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July 10, 2013

Location, Location, Location.

FC_content_IMG_locationWe all know of that restaurant space that seems to change hands more times than shares in the
futures market. “Wow,” you think, “must be a real loser location.”

But restaurant consultants and brokers beg to differ. Yes, location is important, but there is no such thing as a jinxed locale, says Kelly Greene, head of Urban Legend, part of the Denver-based Legend Retail Group. Greene scouts national and local restaurant locations for a living. He can cite chapter and verse restaurants that have gone into formerly “cursed” spaces and lived to tell the tale.

The restaurant’s location is just one piece of the puzzle, says Greene. Sometimes it’s décor or concept, lousy food, lack of funding, or operator error. “It may not be a solid operation, he says. “It doesn’t have to do with the corner. Look at some of (the popular restaurants) located in the middle of nowhere. Word goes out and people find them.”

Avoid the bad juju. Before you open your dream restaurant, check out these tips, compiled with a little help from our location expert.

  1. Sure, you want to honor your father, your mother or your dog. That doesn’t mean it should be the name of your restaurant. Name the restaurant something that is an immediate read: Tom’s doesn’t mean much. Tom’s Home Cookin’ tells you exactly what to expect. Hooter’s? Why the name just screams “chicken wings.”
  2. Make it easy on the diner. No one likes to hassle with parking. If you don’t have an adequate lot, offer valet service, preferably complimentary. Thank you.
  3. There is one location that Greene isn’t keen on: the subterranean or “garden level” restaurant. People like to see and be seen – and they don’t really like to walk up and down stairs – too much trouble and who doesn’t have tennis elbow, bee’s knees and other assorted ailments. If you do have such a location, you can thrive with a well-executed concept, aka, make it worth walking down those stairs in five-inch heels.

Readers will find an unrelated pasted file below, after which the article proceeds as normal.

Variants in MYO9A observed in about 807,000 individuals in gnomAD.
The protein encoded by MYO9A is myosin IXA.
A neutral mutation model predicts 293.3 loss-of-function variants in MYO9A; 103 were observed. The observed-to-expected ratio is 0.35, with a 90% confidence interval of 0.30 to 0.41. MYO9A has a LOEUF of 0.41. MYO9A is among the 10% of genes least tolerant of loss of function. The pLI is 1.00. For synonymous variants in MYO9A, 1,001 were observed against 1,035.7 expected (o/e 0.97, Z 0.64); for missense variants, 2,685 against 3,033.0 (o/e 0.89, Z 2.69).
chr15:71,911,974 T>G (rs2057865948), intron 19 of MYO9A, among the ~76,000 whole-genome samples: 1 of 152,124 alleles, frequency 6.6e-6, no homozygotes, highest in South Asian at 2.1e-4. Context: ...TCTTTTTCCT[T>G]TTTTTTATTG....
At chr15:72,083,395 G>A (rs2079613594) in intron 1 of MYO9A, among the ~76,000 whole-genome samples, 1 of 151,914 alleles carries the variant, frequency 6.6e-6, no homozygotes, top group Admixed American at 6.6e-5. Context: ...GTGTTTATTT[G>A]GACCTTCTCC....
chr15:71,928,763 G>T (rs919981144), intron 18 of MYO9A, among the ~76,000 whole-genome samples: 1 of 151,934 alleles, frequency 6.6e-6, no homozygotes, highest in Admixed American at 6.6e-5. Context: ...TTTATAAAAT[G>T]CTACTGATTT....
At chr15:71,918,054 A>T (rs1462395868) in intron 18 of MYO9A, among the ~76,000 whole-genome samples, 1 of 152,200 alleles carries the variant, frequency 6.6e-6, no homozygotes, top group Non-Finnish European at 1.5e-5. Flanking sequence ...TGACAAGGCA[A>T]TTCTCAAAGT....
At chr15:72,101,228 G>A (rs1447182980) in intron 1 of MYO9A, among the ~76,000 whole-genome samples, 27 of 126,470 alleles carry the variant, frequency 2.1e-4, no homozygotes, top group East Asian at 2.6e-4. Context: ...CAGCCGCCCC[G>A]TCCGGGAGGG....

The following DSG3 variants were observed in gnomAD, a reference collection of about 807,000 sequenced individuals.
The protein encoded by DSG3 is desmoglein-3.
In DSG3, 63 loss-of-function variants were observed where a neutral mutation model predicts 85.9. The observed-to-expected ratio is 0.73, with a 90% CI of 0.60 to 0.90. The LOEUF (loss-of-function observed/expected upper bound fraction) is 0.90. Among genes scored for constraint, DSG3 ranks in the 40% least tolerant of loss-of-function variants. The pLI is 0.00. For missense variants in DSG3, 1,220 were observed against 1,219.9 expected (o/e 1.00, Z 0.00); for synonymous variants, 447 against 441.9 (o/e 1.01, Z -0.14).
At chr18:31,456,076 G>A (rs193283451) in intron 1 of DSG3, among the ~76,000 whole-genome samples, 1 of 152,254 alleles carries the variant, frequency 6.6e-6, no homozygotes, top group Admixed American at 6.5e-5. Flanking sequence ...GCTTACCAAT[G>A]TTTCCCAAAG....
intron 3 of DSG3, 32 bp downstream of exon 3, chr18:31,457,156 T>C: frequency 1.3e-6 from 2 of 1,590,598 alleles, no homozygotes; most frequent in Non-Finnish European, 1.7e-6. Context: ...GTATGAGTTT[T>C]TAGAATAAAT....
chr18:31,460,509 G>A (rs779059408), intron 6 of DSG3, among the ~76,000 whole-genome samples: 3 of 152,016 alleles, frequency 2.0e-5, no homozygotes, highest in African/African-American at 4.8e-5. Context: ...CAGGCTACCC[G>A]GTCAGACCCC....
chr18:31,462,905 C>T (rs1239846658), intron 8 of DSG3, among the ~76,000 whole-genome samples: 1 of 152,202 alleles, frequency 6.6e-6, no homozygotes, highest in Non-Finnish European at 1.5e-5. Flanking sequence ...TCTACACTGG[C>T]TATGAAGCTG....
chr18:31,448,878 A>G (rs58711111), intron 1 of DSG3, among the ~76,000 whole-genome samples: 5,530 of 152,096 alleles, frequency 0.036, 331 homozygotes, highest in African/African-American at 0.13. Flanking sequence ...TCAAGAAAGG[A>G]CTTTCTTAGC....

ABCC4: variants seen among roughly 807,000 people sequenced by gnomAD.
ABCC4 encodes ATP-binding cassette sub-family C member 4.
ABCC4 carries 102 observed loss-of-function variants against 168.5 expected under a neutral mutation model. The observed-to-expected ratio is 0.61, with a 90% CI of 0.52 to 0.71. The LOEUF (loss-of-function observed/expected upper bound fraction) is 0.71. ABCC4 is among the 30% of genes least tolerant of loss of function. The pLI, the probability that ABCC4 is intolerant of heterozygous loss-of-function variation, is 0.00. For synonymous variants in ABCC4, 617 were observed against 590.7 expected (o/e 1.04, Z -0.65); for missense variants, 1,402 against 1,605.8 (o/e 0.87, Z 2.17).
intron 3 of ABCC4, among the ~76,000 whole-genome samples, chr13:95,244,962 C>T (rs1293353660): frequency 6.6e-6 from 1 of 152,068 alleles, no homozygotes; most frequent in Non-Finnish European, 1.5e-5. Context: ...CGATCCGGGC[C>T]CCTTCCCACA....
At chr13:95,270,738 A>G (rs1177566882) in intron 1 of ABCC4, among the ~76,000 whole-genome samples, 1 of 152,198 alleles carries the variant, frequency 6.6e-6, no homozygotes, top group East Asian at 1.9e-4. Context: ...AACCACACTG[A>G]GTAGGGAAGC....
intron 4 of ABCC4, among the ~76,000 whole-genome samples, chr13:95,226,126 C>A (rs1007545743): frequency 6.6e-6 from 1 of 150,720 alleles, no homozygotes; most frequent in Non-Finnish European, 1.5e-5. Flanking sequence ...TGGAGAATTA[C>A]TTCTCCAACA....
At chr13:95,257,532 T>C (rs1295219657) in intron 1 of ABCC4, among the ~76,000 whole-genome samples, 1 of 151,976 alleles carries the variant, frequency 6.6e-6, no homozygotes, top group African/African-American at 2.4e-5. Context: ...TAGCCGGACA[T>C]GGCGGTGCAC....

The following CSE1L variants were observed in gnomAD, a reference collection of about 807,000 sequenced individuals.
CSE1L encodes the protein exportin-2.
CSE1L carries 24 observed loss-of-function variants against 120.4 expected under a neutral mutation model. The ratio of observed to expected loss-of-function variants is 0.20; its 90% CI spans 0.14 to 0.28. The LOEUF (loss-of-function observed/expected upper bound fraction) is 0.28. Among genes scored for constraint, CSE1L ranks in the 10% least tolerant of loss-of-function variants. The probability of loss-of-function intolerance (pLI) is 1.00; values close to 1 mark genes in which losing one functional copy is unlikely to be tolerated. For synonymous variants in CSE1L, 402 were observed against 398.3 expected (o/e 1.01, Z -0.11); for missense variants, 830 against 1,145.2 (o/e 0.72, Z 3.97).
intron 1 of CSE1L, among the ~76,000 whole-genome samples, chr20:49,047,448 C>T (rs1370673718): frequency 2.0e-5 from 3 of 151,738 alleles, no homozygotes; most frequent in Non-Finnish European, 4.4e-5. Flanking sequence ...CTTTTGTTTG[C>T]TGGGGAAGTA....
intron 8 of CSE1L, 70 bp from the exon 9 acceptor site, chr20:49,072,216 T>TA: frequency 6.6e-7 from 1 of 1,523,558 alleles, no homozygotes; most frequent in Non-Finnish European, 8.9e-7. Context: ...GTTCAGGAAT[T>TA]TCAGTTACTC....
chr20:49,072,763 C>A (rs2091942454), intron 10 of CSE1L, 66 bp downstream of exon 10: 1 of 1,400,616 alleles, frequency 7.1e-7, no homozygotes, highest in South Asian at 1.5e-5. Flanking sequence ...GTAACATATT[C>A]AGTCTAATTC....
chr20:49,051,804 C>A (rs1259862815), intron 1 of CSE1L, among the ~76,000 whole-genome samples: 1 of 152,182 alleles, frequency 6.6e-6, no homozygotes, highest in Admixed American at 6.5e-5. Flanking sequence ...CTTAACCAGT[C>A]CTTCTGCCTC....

4. If you choose a space that has had multiple failed restaurants in it, don’t just slap on a coat of paint and call it good. “You want a cool ambience,” says Greene. “Not a warmed over ambience.” In other words, change the vibe.
  5. Know your demographics. Restaurants have a herd mentality so it’s not unusual to find fast food places and chains clustered together in one area and neighborhood independents gathered in another. There are reasons for this, so take heed. Either someone did your homework for you or someone knows something you don’t, i.e., Old McDonald’s knows a good location, ei, ei, o. 
Kelly Greene says that the improved economy means that restaurateurs are more likely to pay for a quality spot (see one through five above). “Mom was right,” he says. “Everything she said was true: location, location, location, you get what you pay for.” And let us not forget her most important words: Never name a bakery “Marie Antoinette’s.” Even if your slogan is “Let them eat cake.”


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Many people claim it is location, but i find many places just get tired looking and stale. Change it up a little, freshen up the menu, bring some life back into the restaurant. It is so obvious when an owner is on cruise control.

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